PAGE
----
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For residents, New York is a city of neighborhoods

(Page 3 of 3)

Neighborhoods have a way of changing in New York, sometimes it seems, as in the case of Columbus Avenue, almost overnight. Others spring up where there had been no neighborhood before. One of these is known as SoHo, for ''south of Houston.'' Long a district of huge, cast-iron factories, it was discovered in the 1960s by artists who rented the vast open floors and converted them into low-cost living and working spaces. Inevitably, as the word spread, shops and galleries followed. Now the artists who discovered it cannot afford it.

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In spite of the skyrocketing property values, the several-block-square area is a strange jumble of the renovated and the run-down: high-priced modern art, far-out fashions, trendy bars, and buildings still used for the manufacture of cardboard boxes.

Tourists and New Yorkers alike love SoHo, and flock to it on weekends, taking the subway to Prince or Spring Street, and the No. 5 bus to West Houston. They brunch at Tennessee Mountain and New Deal, or lunch on the fabulous salads at the SoHo Charcuterie, at Spring and Sullivan. They amble down West Broadway, the main street of this little town, gazing at the latest word in fashion, wondering at the current trends in art.

For art is what SoHo is still about. With all its flashiness, it is one of the major art centers of the world. The most powerful dealers, the most influential galleries, the work of the best contemporary artists, all come to SoHo.

And yet it is a real neighborhood. When the galleries and boutiques close and the narrow streets slowly empty, the artists and their families remain, in beautiful loft apartments they've created in the old factories. The West Village

Many of the artists who originally settled in SoHo were fleeing the high prices of Greenwich Village, a few blocks to the north. They took the paths of the writers of the '30s who made the Village a famous bohemian outpost and were followed by rebels of each succeeding generation.

They are coming yet, but much has changed. MacDougal and West Eighth Streets are tawdry and cheap. The area bordering 5th is lovely, genteel, and polite. The once-quiet streets near the Hudson River are experiencing a renaissance similar to SoHo's.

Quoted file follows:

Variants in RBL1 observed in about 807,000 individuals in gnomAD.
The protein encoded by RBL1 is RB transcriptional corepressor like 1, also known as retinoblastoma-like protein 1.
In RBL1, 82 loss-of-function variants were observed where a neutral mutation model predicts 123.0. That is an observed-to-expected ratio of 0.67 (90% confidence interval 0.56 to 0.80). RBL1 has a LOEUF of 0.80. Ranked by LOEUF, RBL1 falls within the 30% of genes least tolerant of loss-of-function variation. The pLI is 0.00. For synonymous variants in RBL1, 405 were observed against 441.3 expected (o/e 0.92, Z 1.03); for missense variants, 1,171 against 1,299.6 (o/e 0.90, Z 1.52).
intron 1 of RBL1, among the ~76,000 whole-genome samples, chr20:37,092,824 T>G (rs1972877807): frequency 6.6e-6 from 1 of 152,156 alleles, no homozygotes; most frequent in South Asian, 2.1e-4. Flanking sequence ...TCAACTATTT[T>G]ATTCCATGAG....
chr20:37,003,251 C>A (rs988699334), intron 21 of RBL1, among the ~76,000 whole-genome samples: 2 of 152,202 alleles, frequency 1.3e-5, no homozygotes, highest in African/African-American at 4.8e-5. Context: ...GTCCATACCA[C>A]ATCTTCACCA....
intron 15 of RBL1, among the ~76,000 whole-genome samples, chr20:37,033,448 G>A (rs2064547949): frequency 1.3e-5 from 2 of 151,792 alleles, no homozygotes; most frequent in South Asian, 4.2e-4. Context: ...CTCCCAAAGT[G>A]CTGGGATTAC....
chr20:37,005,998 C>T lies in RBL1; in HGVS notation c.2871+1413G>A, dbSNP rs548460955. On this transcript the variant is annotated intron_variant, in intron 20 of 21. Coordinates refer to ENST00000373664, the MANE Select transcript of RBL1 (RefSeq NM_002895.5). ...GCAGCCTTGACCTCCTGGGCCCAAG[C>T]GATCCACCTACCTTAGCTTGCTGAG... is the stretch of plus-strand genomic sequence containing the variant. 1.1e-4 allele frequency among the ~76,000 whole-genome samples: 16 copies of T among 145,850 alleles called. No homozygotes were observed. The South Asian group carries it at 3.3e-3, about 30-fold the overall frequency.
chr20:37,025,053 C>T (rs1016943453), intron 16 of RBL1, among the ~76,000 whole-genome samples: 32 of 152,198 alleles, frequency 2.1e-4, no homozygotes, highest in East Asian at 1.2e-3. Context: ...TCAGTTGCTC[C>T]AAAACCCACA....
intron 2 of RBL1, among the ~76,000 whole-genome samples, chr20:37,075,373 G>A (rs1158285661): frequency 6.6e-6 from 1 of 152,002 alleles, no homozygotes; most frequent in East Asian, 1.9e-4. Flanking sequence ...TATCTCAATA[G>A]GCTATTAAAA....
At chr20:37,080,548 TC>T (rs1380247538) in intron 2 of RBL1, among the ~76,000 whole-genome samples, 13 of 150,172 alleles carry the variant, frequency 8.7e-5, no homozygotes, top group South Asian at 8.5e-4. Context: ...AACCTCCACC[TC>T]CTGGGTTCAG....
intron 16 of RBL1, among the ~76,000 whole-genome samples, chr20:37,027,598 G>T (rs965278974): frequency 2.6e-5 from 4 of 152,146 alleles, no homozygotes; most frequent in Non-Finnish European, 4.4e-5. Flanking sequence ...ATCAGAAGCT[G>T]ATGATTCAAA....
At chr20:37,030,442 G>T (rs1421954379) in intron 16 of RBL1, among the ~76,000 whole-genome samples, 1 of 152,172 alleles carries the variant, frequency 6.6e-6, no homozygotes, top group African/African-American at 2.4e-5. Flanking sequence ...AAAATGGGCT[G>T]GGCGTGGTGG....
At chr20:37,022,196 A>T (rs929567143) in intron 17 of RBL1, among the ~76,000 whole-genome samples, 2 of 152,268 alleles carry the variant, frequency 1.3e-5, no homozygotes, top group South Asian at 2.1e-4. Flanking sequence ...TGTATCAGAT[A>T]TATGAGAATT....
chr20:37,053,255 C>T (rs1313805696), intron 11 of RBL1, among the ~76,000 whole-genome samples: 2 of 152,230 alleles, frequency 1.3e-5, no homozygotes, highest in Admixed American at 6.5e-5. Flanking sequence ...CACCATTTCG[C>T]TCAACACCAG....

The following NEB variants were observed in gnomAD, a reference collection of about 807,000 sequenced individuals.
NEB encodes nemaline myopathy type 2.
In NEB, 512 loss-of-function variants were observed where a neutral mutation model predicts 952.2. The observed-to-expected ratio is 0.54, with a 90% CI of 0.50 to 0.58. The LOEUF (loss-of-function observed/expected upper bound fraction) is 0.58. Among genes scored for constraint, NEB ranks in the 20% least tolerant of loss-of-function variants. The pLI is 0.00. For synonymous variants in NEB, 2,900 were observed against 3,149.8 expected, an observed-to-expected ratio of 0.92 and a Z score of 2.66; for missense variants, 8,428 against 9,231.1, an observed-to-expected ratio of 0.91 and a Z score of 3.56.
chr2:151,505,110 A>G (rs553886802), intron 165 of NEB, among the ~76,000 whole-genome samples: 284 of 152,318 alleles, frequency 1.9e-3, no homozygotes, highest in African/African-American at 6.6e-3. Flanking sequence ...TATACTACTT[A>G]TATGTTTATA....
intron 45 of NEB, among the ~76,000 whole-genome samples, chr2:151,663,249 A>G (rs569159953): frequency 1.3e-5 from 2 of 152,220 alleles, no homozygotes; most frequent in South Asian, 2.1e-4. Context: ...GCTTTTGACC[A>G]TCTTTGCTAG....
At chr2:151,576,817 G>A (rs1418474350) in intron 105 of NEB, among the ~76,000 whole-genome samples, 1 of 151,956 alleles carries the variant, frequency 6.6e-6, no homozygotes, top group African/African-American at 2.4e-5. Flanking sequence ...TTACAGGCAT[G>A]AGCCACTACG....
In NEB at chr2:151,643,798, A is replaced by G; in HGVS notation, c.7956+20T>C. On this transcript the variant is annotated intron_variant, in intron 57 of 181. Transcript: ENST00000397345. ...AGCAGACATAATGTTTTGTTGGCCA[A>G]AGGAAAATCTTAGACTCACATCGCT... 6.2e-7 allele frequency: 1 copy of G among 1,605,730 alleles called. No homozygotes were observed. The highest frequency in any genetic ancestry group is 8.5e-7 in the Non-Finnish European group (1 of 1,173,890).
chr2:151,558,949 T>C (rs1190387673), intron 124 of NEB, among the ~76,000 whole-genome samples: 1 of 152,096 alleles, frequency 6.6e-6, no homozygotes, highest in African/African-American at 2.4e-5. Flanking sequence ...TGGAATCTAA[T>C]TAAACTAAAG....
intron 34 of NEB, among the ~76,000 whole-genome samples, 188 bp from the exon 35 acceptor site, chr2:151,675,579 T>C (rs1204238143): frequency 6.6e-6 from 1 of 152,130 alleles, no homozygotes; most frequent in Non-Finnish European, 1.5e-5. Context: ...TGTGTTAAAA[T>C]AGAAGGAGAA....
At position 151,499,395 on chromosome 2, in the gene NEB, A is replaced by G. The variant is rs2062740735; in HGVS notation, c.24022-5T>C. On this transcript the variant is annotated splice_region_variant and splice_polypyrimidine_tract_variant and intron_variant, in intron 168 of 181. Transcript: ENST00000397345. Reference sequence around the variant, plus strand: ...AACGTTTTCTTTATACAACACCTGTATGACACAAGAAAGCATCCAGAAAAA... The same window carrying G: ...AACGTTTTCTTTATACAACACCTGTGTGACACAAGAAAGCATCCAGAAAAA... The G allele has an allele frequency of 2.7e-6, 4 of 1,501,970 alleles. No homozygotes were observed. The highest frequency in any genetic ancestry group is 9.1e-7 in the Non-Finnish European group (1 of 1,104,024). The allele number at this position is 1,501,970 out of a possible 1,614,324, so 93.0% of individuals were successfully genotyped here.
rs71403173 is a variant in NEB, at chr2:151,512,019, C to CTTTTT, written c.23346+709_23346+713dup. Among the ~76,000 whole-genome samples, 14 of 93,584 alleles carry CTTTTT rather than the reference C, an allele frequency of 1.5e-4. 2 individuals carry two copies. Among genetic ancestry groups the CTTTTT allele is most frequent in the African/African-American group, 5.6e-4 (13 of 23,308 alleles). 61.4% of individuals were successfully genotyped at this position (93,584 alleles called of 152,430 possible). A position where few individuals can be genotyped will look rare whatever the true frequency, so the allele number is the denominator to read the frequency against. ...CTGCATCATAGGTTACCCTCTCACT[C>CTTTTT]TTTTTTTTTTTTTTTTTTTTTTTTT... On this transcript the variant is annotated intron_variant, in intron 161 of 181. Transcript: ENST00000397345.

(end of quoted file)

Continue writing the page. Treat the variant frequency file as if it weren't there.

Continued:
Only one small section holds on to the feeling of the real Village, and many consider it the best place to live in the city. Like the other neighborhoods, it has restaurants, galleries, and shops, but with a difference. Streets intersect at odd angles and stores are hidden in corners and basements. The houses are small, unpretentious, and very old. The pace of life is slower, and here, more than anywhere else, is it possible to escape the intensity that characterizes New York.

The West Village is bordered east and west by Seventh Avenue and Hudson Street, uptown by Jane and downtown by Morton. Within these several blocks one can wander at random and be perfectly content, but a possible starting point is West Fourth Street at the Sheridan Square subway station. Walk uptown to Bank Street, passing the lovely residential side streets, left to Bleecker with one antique shop after another, right on Christopher, another right on Hudson past the White Horse Tavern where Dylan Thomas used to hang out, and on to Abingdon Square and the uptown buses. It is a 17-block walk in the footsteps of countless Americans whose creative spirits were nurtured in these streets.

Here, then, are some of the neighborhoods of New York. There is much to see in them, but none of it obligatory. Instead, they are places to observe and enjoy the life of the city with those who live it every day.

To do so is to realize that New York is as varied as its people. Like them, it is tough and impatient. But like them also, it is creative, vibrant, and involved. It is this positive energy that many visitors miss, simply because they don't know where to look. New York's neigh